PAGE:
Open Source Ham – Is that like free range chicken?
If you have not stopped by the #linuxjournal IRC channel yet, I would encourage you to do so. You never know who you will meet or what sort of new ideas will germinate.
For example: the other day, while having !coffee and a danish, I was chatting with our fearless Editor-in-Geek, Carlie, and she was commenting that someone had left the radio on. No, not that radio, the Amateur Radio. This got my attention as I was not aware Carlie had her ticket (she does not - I am working on her - browbeating is the term my XYL uses, but I digress). As many of you know, I too am an Amateur Radio operator - a ham. [I should note that personally, I don't like the term...it does not mean anything, but it is what most folks know us as so...]. And we started chatting.
The history of Open Source software, especially Linux and Amateur Radio, is well integrated. There are as many hackers in the Amateur Radio hobby as there are in Open Source. In fact you could call Amateur Radio the original Open Source project. A number of modern developments in Information Technology, from the radio (d'uh) to the network card can trace their way back to some home brew radio operators working in their basement. The Linux kernel has long supported the AX.25 protocol (a bastard version of X.25 used in early packet transfers via radio) and several popular programs have Open Source analogs. One of the most recent developments in Amateur Radio, the D-Star digital protocol, is a fully Open Source project and is the first in recent memory where a corporation has developed a radio system utilizing the Open Source model.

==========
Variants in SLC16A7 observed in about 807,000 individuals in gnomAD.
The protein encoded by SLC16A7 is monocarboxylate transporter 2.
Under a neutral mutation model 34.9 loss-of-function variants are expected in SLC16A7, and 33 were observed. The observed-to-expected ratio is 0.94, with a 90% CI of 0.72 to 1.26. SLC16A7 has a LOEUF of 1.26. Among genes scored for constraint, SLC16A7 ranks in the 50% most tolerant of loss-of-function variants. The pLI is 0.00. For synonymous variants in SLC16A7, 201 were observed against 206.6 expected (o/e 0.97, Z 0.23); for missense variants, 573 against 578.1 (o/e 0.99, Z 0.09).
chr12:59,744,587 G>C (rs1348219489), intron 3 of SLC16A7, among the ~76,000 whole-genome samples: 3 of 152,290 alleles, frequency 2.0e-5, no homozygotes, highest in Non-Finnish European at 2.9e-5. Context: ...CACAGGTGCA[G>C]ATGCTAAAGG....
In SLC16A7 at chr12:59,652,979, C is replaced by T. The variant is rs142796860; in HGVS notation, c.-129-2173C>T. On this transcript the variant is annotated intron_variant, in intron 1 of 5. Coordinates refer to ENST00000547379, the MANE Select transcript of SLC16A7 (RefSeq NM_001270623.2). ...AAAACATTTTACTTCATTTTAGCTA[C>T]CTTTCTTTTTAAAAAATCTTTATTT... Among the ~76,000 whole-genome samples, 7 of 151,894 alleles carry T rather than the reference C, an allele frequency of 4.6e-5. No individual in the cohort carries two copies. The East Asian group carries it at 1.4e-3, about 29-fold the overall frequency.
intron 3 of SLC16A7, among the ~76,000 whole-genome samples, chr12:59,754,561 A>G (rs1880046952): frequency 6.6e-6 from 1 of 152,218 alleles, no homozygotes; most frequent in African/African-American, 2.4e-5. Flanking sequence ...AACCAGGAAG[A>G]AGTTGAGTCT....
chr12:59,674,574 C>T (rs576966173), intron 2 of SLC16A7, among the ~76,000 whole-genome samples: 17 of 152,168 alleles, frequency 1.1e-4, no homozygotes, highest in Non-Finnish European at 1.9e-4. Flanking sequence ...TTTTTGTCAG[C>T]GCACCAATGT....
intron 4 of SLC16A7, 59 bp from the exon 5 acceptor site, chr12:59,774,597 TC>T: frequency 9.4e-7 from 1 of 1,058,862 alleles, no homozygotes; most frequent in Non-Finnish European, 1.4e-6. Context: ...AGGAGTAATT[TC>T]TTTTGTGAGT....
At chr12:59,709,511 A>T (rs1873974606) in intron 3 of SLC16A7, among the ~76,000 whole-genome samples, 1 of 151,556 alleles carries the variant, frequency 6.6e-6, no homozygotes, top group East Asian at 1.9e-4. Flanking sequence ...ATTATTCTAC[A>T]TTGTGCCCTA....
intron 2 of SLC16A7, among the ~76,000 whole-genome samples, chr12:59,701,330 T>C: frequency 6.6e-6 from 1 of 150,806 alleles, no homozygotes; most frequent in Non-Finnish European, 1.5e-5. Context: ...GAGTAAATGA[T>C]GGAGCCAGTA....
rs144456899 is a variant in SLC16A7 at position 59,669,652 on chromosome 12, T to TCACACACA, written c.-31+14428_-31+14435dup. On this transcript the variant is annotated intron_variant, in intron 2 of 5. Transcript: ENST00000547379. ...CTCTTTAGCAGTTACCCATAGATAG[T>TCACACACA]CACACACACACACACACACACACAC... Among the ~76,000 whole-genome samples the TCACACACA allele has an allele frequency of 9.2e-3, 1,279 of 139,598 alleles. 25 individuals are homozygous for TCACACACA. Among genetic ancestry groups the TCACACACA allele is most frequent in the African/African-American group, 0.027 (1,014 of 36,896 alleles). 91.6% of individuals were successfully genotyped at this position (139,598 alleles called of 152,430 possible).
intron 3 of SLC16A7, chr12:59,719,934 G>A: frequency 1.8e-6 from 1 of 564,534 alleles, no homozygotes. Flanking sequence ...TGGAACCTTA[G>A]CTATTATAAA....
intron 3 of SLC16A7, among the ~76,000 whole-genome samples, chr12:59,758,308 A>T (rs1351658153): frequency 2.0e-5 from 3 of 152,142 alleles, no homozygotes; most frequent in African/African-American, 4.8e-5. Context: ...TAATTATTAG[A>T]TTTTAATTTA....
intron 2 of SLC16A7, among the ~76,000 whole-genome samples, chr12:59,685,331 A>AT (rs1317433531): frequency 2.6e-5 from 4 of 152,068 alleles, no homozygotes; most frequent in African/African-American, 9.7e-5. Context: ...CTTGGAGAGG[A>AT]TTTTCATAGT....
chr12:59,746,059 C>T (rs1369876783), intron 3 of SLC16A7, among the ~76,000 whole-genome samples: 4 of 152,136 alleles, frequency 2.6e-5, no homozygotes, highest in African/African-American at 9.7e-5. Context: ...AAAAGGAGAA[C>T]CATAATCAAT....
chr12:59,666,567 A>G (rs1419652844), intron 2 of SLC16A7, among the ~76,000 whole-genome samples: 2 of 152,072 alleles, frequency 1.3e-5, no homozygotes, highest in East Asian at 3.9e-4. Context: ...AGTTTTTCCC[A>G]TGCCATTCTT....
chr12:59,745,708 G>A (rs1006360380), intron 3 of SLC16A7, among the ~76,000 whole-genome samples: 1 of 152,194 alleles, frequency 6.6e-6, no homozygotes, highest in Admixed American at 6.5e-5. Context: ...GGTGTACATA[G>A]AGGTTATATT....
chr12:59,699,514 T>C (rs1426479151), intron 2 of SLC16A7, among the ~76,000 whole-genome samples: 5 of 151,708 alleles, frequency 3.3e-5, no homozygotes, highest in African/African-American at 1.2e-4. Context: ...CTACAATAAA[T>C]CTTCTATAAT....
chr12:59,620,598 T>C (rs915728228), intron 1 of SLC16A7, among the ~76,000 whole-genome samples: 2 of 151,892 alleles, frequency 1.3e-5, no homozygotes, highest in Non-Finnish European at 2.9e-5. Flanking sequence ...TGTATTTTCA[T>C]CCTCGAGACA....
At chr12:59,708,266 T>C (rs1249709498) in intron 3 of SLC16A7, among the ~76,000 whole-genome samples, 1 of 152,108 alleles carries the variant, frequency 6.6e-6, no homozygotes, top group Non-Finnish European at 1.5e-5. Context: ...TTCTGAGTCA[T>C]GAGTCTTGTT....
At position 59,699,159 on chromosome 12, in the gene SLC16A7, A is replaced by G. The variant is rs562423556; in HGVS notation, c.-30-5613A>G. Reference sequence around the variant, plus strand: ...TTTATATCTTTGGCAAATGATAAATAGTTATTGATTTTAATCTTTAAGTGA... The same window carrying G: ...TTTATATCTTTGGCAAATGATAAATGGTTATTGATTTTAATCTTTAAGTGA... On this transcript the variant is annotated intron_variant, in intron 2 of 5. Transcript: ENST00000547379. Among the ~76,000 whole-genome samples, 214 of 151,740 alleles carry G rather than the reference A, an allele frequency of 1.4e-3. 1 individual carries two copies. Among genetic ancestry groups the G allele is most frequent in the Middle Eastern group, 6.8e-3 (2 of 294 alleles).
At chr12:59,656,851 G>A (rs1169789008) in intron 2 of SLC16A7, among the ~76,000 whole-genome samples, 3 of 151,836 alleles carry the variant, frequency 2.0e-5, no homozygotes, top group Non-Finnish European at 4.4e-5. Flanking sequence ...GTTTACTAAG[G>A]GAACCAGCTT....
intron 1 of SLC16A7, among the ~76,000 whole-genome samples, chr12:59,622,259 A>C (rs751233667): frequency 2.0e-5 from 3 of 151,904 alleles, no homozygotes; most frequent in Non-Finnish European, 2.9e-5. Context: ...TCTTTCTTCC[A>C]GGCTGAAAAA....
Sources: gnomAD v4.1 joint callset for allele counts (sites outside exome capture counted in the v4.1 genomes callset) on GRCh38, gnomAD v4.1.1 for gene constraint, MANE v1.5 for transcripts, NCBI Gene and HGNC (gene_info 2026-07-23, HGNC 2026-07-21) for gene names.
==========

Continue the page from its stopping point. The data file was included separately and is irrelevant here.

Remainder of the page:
As Carlie and I were talking, we wondered if there were enough interest in the communities for articles in the Linux Journal about the projects being done in Amateur Radio. Now before you get all spun up, we are not talking about killing off the Paranoid Penguin or converting the wine cellar into a ham shack, but as Dave Phillips has tapped the world of Linux and musicians and music engineers with the occasional article, we think there is interest in the readership for the occasional Amateur article.
Now is your chance. What sort of cool project are you using in your ham shack? Based on an email I sent to the ARRL PIO reflector, there are a lot of projects out there that we could highlight, everything from making it easier for Section Managers to update their web sites to unique ways to inject messages to the radio network via web interfaces to simple radio control software and logging software.
So are you an Open Source Ham? Because, When all else fails…
- Linux Journal October 2016
- The Tiny Internet Project, Part I
- SUSECON 2016: Where Technology Reigns Supreme
- Download "Linux Management with Red Hat Satellite: Measuring Business Impact and ROI"
- Free Today: September Issue of Linux Journal (Retail value: $5.99)
- Bitcoin on Amazon! Sort of...
- Android Browser Security--What You Haven't Been Told
- Epiq Solutions' Sidekiq M.2
- Securing the Programmer
Pick up any e-commerce web or mobile app today, and you’ll be holding a mashup of interconnected applications and services from a variety of different providers. For instance, when you connect to Amazon’s e-commerce app, cookies, tags and pixels that are monitored by solutions like Exact Target, BazaarVoice, Bing, Shopzilla, Liveramp and Google Tag Manager track every action you take. You’re presented with special offers and coupons based on your viewing and buying patterns. If you find something you want for your birthday, a third party manages your wish list, which you can share through multiple social- media outlets or email to a friend. When you select something to buy, you find yourself presented with similar items as kind suggestions. And when you finally check out, you’re offered the ability to pay with promo codes, gifts cards, PayPal or a variety of credit cards.Get the Guide